Nissan has announced that it will recall an additional 150,000 vehicles in Japan due to improper testing being carried out during final inspections.
The automaker said via a press statement that it had found several non-conformities that may have caused inaccurate pass/fail judgments during the inspection process, which were related to brakes, the steering and speed-related measurements.
The recall was prompted following cases of misconduct being uncovered during on-site checks by regulators at a major Nissan plant. It was reported that several employees admitted to the regulators that they had not been following protocol in tests.
Nissan said the issue resulted from ambiguity regarding final vehicle inspection procedures and a lack of understanding of non-compliant practices.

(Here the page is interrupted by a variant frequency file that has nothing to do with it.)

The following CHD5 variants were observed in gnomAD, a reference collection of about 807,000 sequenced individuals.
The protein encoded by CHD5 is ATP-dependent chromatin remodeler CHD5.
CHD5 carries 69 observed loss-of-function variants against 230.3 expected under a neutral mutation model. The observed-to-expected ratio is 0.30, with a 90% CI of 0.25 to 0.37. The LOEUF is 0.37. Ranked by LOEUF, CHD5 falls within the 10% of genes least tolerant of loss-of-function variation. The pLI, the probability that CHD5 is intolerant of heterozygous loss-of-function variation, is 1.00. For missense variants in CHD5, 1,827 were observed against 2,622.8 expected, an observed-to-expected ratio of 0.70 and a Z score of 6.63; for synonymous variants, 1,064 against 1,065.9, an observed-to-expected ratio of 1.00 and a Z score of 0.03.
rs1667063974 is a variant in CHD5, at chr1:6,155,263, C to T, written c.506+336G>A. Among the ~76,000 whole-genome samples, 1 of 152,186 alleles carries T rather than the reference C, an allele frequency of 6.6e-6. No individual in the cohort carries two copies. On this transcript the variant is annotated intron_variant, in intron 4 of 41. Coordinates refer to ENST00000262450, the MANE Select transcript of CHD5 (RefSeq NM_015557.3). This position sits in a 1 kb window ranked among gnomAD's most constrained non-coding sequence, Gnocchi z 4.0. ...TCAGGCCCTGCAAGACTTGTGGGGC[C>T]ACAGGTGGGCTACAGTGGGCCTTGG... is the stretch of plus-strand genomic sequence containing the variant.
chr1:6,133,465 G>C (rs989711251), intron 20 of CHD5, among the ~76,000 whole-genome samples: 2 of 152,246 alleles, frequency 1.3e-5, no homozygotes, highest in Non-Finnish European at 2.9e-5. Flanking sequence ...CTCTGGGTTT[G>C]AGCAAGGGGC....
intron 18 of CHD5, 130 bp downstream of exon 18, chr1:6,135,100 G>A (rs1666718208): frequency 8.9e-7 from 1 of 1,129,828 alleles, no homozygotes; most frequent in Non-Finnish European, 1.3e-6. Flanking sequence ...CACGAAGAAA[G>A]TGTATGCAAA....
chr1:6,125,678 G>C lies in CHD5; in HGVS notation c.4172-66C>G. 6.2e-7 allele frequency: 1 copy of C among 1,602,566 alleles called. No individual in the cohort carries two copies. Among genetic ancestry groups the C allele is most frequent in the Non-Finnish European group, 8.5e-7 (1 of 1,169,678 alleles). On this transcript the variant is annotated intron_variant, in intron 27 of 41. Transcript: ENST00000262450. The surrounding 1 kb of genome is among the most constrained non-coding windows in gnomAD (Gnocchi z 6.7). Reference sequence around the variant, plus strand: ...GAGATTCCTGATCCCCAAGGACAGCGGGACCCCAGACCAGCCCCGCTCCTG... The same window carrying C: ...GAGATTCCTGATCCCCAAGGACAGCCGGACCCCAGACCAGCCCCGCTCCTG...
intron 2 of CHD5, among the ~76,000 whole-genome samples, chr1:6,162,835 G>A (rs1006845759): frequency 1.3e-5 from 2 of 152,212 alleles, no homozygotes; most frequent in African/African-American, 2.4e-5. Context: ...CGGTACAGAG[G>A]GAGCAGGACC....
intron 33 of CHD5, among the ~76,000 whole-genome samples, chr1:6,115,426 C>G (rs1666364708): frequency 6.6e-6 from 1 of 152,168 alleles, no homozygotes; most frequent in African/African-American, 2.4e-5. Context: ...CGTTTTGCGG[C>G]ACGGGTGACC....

The automaker revealed that the vehicles involved in the recall were produced at the Oppama and Auto Works Kyoto production plants. Models that are set to be recalled include the Note, second-generation Leaf, Juke, Cube and Sylphy, all produced for the domestic market.
This is the fourth time Nissan is reporting such misconduct since the issue broke in September last year, leading it to recall over one million vehicles sold in Japan. Then, in July, the company admitted to improper emissions and fuel economy testing on 19 of its models – including the Note and the Juke – sold in Japan.
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